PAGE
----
Alignment: Bands respond to planets' vibes
at Garden of Sheba
Saturday, September 6
Mars is closer to earth than it has been in a long time. I don't believe in a lot of the new age gibberish about stars and planets, because most of the information is as skewed as the front page articles of USA Today.
However, I do recall the mythology of Mars: Mars symbolizes volatility, bellicosity, and radical change which seem to be pervasive in the world right now. Coincidence? Hmmm... With all the current (perhaps) Mars-inspired drama surrounding my friends, family, politics, and damn near everything else, I figured the positive vibes of Garden of Sheba would set my mind at ease.
One-drop reggae group Foundation Stone was just beginning their sound check as I arrived. Double-fisting a pair of Jamaican Red Stripes, I joined my comrade in the outdoor seating section. We had barely wet our throats when the first notes of relaxing reggae came pouring out the front door.
Under a canopy of trees, surrounded by a thicket of plants and flowers, we kicked back to the incredibly tight, rhythmic sounds. Foundation Stone won't drop your jaw or leave you awestruck, but what they do, they do well. No one member stands out as carrying the group (although I have seen drummer Johnny Gilmore carry other projects).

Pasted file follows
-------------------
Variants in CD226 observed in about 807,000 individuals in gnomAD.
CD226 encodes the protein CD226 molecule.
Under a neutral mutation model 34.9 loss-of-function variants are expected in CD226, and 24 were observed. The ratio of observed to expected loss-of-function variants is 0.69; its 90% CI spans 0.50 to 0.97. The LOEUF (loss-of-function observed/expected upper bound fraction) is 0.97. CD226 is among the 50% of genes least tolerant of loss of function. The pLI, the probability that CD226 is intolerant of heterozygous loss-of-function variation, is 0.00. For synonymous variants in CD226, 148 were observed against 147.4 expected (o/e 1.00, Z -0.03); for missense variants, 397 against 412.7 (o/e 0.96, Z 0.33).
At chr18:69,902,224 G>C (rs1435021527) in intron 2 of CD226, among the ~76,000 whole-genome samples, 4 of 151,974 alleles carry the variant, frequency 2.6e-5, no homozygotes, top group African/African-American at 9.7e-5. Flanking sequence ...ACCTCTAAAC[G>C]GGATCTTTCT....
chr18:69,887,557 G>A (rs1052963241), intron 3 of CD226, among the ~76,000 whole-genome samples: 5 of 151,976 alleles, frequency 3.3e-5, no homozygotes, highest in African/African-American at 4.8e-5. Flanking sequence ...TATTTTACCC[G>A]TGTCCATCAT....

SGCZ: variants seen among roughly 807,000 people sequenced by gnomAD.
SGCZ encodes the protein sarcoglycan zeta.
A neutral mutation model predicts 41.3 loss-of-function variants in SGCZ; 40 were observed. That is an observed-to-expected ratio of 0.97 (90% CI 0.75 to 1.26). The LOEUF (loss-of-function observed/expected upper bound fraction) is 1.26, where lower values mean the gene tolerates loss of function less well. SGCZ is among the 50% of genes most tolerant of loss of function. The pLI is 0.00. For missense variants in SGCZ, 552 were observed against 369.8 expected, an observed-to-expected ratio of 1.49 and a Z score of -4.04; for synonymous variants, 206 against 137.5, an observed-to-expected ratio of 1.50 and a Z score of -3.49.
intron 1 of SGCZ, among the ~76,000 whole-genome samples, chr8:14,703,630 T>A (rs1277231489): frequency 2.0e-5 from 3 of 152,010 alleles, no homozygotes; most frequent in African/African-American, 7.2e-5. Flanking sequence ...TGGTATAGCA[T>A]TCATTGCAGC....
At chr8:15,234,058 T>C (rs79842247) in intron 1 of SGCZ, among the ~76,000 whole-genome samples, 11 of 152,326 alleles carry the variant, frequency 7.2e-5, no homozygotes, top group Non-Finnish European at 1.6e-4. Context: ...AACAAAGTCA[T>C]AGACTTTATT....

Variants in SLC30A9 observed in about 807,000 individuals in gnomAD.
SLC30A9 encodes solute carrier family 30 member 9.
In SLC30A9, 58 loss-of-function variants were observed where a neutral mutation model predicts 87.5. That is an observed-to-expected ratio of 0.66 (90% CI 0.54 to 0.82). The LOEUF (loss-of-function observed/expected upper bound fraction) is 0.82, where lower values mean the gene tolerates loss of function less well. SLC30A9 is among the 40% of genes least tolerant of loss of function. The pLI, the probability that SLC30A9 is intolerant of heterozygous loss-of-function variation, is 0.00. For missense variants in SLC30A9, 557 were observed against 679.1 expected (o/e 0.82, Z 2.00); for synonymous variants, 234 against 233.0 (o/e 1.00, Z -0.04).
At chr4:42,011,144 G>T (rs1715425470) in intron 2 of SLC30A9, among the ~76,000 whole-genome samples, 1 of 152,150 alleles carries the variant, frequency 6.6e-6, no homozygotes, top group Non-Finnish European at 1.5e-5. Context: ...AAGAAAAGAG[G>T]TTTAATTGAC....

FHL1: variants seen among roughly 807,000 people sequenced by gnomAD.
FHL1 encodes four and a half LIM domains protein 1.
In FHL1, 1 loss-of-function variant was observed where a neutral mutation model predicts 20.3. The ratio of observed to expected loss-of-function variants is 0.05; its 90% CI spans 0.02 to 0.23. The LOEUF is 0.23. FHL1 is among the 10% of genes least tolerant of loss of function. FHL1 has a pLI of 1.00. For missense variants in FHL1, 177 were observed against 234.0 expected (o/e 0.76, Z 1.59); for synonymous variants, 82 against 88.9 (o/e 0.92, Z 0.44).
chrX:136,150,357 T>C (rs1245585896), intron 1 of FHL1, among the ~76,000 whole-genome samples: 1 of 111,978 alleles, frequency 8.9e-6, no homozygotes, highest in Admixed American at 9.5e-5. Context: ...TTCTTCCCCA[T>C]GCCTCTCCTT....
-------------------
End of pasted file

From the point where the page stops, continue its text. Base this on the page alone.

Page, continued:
That's the formula for a successful reggae sound. To create the true sound of the island groove, each person must feel the pocket between the up and down beat. Foundation Stone did that as well as any group I've heard, while providing an atmosphere to ease whatever stresses ailed me.
During set break, my buddy and I skated on over to the corner to check out what Orbit had to offer. The band was Homemade Bread, and the slogan on the flier read: 'Hornalicious Jam Funk'- or something corny like that. Still, I was mildly impressed from what I heard from the door, so we made our way in.
Homemade Bread is, in short, a solid progressive jazz rhythm section, an outstanding tenor sax player, and a mediocre trumpet player. They seemed to be on to something when they combined the swing of jazz with the steady pulse of '70s soul.
However, when the trumpet and bass player began singing, it retarded the whole outfit to nothing more that a jamband with a killer sax soloist. The music would have gone over better with a more appreciative crowd... or maybe if Venus were where Mars is now.